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It won’t take much for the New Orleans Pelicans to churn out a wildly successful offseason. They can sit relatively tight and still add Zion Williamson, the No. 8 pick and signings via the mid-level and/or biannual exceptions. That’s…a pretty substantial haul. This doesn’t even account for the return of Kira Lewis Jr. from a torn right ACL.
This also doesn’t factor in the Pelicans’ stomach for taking risks. Trading for CJ McCollum was not the move of a franchise living in the distant future. It was one of a team angling for an immediate, and appreciable, leap up the Western Conference pecking order.
Perhaps the emergences of Jose Alvarado, Herb Jones and Trey Murphy III convince New Orleans to play it safe and let internal development run its course. Or maybe their rookie-year performances embolden the Pelicans to chase another blockbuster addition, something they are adequately equipped to do.
On top of No. 8 in this year’s draft, New Orleans has all its own firsts beyond 2022, the Los Angeles Lakers’ 2024 pick (with rights to defer until 2025) and Milwaukee’s unprotected 2027 selection. Attaching Starting this treasure trove of imminent and distant draft choices to a combination of Lewis, Jaxson Hayes, Jonas Valanciunas, Larry Nance Jr. and Devonte’ Graham, and the Pelicans have some real ammo on their hands.
And do not for a second underestimate their incentive to exhaust it. They just pushed the best-in-the-league-during-the-regular-season Phoenix Suns to the brink after salvaging their year on the heels of a 3-16 start—all without Zion.
Their record doesn’t necessarily reflect a path toward contention; not even after the McCollum trade. But if you look at the way head coach Willie Green eventually got them to defend in transition, the individual strides made by Brandon Ingram (holy playmaking), McCollum’s offensive fit, the steady stoutness of Valanciunas and the compilation of intriguing Year 1s, you can see it.
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There is a certain aimlessness to the San Antonio Spurs’ current place inside the NBA’s hierarchy. They are coming off a 34-win season in which they cracked the play-in and oversaw pivotal progress from individual players, but the results invariably spawn more questions than answers.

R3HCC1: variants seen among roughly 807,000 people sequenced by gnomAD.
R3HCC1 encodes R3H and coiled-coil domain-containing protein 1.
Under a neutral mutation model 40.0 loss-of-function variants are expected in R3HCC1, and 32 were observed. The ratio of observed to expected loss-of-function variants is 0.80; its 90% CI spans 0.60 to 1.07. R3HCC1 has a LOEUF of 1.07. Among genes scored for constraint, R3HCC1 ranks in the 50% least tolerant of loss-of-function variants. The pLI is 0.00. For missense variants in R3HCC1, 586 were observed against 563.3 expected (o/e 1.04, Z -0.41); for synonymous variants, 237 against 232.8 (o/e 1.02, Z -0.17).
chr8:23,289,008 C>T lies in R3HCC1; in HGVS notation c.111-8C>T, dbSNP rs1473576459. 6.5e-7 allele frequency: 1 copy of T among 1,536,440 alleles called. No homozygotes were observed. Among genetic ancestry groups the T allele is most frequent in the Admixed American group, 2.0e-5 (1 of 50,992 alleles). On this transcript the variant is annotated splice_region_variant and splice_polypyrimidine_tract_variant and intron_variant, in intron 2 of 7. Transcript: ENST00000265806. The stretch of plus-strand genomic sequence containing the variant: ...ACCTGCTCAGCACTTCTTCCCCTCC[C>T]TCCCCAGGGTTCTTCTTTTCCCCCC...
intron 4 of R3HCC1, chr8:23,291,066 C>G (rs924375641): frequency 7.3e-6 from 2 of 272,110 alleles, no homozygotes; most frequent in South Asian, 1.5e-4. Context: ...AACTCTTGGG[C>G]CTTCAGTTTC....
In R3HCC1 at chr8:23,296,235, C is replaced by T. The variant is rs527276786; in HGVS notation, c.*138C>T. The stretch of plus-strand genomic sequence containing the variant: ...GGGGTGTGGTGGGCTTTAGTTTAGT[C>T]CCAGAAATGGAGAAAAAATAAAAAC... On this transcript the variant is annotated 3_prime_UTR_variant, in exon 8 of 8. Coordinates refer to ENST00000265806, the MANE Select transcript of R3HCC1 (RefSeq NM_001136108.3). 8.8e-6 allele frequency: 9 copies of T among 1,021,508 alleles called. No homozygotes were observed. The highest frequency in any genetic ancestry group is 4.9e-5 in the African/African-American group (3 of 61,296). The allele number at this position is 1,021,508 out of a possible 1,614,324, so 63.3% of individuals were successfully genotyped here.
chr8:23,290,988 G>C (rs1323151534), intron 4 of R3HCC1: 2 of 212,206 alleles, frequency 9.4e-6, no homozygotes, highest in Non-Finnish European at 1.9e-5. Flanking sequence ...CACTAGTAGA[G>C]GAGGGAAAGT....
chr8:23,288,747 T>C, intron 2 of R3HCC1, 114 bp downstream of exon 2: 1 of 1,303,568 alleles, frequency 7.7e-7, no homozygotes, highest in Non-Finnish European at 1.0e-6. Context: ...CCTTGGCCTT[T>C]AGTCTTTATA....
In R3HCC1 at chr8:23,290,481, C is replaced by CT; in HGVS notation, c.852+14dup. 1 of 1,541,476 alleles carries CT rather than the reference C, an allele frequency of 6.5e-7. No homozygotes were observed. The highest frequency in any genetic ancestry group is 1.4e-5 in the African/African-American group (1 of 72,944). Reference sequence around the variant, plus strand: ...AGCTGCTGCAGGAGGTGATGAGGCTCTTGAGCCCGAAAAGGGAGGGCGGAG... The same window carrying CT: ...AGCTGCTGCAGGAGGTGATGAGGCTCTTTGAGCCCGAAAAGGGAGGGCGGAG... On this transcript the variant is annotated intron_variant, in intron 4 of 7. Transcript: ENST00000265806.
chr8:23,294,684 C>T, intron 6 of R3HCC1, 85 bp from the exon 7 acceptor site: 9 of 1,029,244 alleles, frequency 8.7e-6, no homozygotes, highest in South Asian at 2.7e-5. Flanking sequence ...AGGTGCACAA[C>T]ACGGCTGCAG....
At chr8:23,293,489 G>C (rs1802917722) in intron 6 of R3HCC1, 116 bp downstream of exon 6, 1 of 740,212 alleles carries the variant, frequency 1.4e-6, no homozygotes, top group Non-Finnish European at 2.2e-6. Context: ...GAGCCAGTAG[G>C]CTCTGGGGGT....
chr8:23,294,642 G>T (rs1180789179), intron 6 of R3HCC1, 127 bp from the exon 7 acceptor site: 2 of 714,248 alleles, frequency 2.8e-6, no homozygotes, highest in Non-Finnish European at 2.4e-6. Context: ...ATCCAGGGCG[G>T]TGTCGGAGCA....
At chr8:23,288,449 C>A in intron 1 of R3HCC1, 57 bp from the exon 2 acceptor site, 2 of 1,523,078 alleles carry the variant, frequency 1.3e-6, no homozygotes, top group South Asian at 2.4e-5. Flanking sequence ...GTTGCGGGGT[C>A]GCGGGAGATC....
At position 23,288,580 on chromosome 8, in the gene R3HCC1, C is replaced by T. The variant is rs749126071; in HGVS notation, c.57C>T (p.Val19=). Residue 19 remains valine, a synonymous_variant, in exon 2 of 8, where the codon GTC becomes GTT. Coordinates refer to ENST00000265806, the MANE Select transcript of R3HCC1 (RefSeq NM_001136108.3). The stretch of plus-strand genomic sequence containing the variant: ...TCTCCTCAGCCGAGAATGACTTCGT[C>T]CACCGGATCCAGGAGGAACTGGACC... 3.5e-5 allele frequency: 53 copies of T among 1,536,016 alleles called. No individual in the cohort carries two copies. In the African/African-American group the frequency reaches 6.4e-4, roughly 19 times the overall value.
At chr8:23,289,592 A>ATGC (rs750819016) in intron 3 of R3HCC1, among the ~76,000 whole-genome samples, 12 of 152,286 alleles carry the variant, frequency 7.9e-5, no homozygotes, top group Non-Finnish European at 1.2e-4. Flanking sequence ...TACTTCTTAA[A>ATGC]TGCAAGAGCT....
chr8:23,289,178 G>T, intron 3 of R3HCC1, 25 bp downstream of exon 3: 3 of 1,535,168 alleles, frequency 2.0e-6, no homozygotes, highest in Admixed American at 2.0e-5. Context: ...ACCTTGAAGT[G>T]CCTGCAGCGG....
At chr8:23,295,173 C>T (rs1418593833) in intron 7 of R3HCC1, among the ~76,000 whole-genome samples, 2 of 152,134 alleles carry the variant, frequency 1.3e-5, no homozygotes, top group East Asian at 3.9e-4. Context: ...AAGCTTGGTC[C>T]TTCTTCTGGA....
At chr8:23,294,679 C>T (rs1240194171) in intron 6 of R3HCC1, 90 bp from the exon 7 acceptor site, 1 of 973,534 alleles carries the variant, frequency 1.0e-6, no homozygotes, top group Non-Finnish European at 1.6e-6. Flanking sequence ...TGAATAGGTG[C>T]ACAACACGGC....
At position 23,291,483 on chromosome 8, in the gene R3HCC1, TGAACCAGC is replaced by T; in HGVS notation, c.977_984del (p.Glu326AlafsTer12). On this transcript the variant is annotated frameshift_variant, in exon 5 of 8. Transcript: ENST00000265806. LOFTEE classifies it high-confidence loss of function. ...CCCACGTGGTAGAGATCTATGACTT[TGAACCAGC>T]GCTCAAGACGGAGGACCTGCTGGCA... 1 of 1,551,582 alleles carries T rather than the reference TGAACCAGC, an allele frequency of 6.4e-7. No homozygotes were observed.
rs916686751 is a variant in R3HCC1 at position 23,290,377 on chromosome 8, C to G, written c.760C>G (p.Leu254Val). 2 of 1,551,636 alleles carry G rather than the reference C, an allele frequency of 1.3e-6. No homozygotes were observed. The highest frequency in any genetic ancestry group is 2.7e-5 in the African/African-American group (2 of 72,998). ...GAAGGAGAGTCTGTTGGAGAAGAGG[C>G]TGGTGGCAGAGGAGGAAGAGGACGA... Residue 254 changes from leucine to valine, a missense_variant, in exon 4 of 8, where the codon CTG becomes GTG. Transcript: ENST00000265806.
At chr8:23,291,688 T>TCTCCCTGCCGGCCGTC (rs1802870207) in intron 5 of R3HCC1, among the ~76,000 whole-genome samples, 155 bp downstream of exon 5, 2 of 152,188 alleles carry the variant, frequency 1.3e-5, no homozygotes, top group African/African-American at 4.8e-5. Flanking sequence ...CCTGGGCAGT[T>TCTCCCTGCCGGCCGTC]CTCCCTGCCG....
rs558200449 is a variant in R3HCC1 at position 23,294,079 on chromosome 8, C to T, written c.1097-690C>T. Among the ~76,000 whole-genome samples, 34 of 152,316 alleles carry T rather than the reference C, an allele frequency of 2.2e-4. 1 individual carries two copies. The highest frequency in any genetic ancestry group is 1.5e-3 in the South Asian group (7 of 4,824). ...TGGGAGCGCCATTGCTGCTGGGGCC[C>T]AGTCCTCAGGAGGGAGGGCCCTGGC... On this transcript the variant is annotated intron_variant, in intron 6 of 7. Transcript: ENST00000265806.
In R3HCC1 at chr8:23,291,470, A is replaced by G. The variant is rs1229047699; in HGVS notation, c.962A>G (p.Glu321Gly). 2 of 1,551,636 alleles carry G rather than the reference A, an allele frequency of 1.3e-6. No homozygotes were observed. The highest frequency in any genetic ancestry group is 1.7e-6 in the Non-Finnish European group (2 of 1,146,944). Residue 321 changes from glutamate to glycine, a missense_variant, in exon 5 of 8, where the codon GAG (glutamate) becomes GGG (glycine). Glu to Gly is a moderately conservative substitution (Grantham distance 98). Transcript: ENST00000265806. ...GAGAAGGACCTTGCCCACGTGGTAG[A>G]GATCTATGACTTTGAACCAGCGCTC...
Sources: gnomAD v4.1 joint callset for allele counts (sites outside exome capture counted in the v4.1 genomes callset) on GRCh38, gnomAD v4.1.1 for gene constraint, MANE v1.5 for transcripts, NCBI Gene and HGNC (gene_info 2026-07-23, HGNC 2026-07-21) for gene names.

Is Dejounte Murray a full-fledged star? How far can you get with him as your best player? If he can’t be the 1A on a contender, is there anyone else currently on the roster who might one day leapfrog him in the pecking order?
If you’re answering yes to that last question, who is it? Devin Vassell? Keldon Johnson? Joshua Primo? And if the Spurs don’t yet have their best-player-on-a-contender prospect, they can expect to draft him at No. 9? Or No. 20? Or No. 25?
Can they even expect to draft him in the years to come when the roster is built to neither tank nor triumph? And who aside from Murray is actually important enough to the product for them to jettison and lean further into a rebuild? Are they willing to accelerate their position instead via free agency and trades? Is that type of jump even within the realm of possibility if they’re open to it?
This stream-of-consciousness avalanche is part of the Spurs’ offseason appeal. Uncertainty and inexactness are their measures for versatility. They are not married to any one direction. They can do anything.
That might amount to doing nothing. San Antonio is the king of reinvention from within. But it also has a cachet of tantalizing youngsters, three first-round picks, all its own first-rounders moving forward and fairly effortless access to max cap space.
The stage is set for the Spurs to at once continue building and run the tables in free agency and trades. And if their recent willingness to talk shop is any indication (see: DeMar DeRozan, Derrick White and Thaddeus Young deals), they won’t let their armory of assets go unused.